SynchroniCity and the art of the possible

Innovative partnerships between businesses and public authorities have the potential to harness technology to develop services that can improve citizens’ lives and create long-term, sustainable economic development. But the lack of standardised solutions and APIs can make that difficult.

SynchroniCity was a project that aimed to create a harmonised marketplace for IoT services, to open up a global market of IoT-enabled services for cities and communities. It ran over three years from January 2017 to December 2019 and received funding from the European Union’s Horizon 2020 Research and Innovation Programme, as part of the €104m Large Scale Pilots Programme.

SynchroniCity was created in order to address and solve the challenges posed by a lack of standardised solutions and application programming interfaces (APIs), which makes it difficult to integrate new technologies into city services. Additionally, the high risk of vendor lock-in deters the provision of large investments into the new smart city infrastructure, which limits potential growth and scale for new IoT infrastructures and service developers.

To overcome these challenges, SynchroniCity built a harmonised marketplace for IoT enabled and urban data services, by:

  • Establishing a reference architecture for an IoT-enabled city with identified interoperability points and interfaces and data models from different verticals
  • Developing tools for co-creation and integration of legacy platforms and IoT devices for urban services
  • Providing enablers for data discovery, access and licensing thus lowering the barriers for participation for participation on the market place

Connected Places Catapult was tasked with running the project’s €3M Open Call as part of the SynchroniCity project to test the market response and to find businesses which could develop and deploy innovative solutions to this challenge.

What Happened

The Open Call ran from 1st June 2018 until September 2018. Three million euros were made available for pilots which could be deployed in multiple city locations.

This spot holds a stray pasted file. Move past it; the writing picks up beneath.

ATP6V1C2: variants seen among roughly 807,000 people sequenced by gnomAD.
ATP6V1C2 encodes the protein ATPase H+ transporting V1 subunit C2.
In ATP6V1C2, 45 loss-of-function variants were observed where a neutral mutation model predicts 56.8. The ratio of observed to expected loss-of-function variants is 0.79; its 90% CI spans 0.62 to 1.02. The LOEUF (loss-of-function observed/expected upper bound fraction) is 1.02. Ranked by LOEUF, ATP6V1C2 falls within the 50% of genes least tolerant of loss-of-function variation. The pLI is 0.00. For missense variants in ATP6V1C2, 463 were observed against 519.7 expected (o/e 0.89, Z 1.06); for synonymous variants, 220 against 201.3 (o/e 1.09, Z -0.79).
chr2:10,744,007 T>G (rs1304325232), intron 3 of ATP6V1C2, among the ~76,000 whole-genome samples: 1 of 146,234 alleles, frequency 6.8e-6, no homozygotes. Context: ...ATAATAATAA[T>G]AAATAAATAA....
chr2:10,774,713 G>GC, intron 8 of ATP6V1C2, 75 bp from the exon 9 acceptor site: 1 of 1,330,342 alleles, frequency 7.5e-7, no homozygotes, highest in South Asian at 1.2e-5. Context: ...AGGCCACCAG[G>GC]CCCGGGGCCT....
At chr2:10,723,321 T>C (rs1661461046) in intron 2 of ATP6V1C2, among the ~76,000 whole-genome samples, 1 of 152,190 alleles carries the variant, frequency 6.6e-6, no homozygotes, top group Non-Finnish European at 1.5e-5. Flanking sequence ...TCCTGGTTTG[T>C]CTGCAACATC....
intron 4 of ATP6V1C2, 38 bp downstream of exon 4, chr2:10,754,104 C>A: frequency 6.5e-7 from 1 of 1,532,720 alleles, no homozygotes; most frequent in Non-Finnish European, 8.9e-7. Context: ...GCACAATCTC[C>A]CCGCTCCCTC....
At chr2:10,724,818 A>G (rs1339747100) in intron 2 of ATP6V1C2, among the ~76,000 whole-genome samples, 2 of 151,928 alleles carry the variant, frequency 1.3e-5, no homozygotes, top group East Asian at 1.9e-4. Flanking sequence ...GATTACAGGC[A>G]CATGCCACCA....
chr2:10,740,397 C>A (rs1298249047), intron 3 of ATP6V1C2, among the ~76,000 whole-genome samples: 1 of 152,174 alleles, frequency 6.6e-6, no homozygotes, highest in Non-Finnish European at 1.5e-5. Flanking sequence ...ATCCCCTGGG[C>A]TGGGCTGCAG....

The targeted SMEs were mature IoT-enabled SMEs (TRL ≥ 6). Projects would be funded by up to 80% of the total budget, with a maximum grant of €100k (single SME) and €300k (consortia of SMEs and new cities).

More than 130 proposals were submitted by SMEs individually, or as group leader company-led groups. From these proposals, Connected Places Catapult selected 16 proposals including 40 companies.

The evaluation, selection and rescoping period ran from October 2018 to January 2019. In February 2019, we welcomed 16 shortlisted pilot projects to our Urban Innovation Centre to kick off the deployment of their IoT enabled solutions across city sites worldwide.

The implementation phase was scheduled from February to September 2019.

The Open Call resulted in the successful roll-out of 50 services to 21 cities, to deliver successful scaling of IoT solutions between smart cities and communities. Connected Places Catapult won an award from the EU’s Innovation Radar 2020 for the team’s work on the Open Call, along with the project coordinator, Aarhus University and ENoLL, which was in charge of project communications.

Future Cities Catapult also helped deliver SynchroniCity by developing the performance in use economic assessment framework and the cities monitoring framework. Our teams also engaged the cities themselves through the development of new IoT services.


We are delighted that Connected Places Catapult has been identified and included as Key Innovator by the European Commission’s Innovation Radar, together with our project partners, for innovative actions developed in our work for the Synchronicity project!